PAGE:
Perhaps spurred on by an aghast Bono, Universal Music Group is claiming that Bank of America committed copyright violations when two employees, Ethan Chandler and Jim Debois, performed their synergy-praising cover of “One” that made the Internet rounds last week. The legal assault even stretched to Stereogum’s comment section, where a misspelling-filled cease-and-desist letter was posted on Tuesday:
As a courtesy to you and, in order to put Sterorgum.com on notice, I am attaching the text of a cease and desist letter sent to Bank of America’s legal counsel. Universal is aware that you are contributing to the infringement of U2′s Composition entitled “One” by, among other things, providing access to the unauthorized video on your website. Universal is also aware that you are the owner, registrant, administrative contact and technical contact of Stereogram.com. …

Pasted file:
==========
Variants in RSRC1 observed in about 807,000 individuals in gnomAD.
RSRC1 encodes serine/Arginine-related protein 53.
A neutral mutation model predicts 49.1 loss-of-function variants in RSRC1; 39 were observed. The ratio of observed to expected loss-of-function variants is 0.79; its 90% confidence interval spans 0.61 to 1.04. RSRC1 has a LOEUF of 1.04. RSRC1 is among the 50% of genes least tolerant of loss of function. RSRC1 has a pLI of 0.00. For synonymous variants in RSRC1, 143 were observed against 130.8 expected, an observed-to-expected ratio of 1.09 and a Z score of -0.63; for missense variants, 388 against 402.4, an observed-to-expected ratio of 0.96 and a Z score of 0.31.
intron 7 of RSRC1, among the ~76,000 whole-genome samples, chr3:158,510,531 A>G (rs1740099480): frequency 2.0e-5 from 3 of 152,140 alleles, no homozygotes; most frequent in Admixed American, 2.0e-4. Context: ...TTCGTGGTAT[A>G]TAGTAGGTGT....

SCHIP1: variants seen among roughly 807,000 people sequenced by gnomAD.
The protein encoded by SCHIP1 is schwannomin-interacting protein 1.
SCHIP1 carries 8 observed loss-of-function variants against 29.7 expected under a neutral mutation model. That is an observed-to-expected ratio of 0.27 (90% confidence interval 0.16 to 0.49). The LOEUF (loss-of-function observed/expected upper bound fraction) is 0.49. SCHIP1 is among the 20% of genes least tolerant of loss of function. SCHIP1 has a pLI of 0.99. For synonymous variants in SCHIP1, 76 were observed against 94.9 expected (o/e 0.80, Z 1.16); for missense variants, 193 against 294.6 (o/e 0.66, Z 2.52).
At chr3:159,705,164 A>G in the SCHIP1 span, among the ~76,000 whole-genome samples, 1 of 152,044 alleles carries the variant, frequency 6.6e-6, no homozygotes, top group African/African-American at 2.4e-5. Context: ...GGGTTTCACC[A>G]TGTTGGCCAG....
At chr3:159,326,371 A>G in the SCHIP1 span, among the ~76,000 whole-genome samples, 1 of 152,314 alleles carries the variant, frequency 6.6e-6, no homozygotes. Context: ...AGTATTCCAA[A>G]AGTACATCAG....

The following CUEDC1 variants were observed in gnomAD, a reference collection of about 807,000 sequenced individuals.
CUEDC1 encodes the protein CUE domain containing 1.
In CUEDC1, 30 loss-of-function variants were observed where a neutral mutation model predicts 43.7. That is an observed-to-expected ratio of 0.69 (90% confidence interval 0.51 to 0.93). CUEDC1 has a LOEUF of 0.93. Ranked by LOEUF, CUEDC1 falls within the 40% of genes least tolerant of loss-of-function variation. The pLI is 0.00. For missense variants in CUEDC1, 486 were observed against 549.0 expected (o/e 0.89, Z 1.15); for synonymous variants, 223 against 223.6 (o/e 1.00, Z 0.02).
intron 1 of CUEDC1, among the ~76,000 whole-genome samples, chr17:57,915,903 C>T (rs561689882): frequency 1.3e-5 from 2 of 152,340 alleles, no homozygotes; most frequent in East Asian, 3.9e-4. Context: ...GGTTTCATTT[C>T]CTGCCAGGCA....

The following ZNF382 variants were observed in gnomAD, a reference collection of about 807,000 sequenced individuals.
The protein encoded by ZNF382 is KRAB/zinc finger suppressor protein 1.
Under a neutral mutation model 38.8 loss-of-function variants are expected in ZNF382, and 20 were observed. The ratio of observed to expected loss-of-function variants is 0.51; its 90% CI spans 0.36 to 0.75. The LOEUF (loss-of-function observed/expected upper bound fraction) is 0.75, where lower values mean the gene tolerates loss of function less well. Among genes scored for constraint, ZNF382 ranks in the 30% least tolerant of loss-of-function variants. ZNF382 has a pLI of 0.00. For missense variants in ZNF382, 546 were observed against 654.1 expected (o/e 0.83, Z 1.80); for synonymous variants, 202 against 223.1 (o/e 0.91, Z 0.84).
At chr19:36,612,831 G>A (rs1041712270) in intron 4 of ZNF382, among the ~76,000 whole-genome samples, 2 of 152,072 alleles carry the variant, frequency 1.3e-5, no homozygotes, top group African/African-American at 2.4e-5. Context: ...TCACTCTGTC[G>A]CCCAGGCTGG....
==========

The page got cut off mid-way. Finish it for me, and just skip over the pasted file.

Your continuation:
Please be advised that, if the unauthorized video is not removed from your website immediately, Universal shall seek any and all available legal relief against the owner(s)/registrant(s) of Stereogum.com.
The first comment following this note, perhaps unsurprisingly, called the lawyer a “jerkoff,” and other Stereogum readers debated whether or not the take on “One” fell within the boundaries of fair use; a YouTube-hosted version of the clip remains embedded in the post. Bank of America isn’t commenting, save a denial that the video’s leak was part of a marketing ploy; Chandler used the Times piece about the kerfuffle to let readers know that he’s been singing for a long time. Really, we’re just waiting for the cease-and-desist letters to start flying between Universal’s legal counsel, Bono, and David Cross.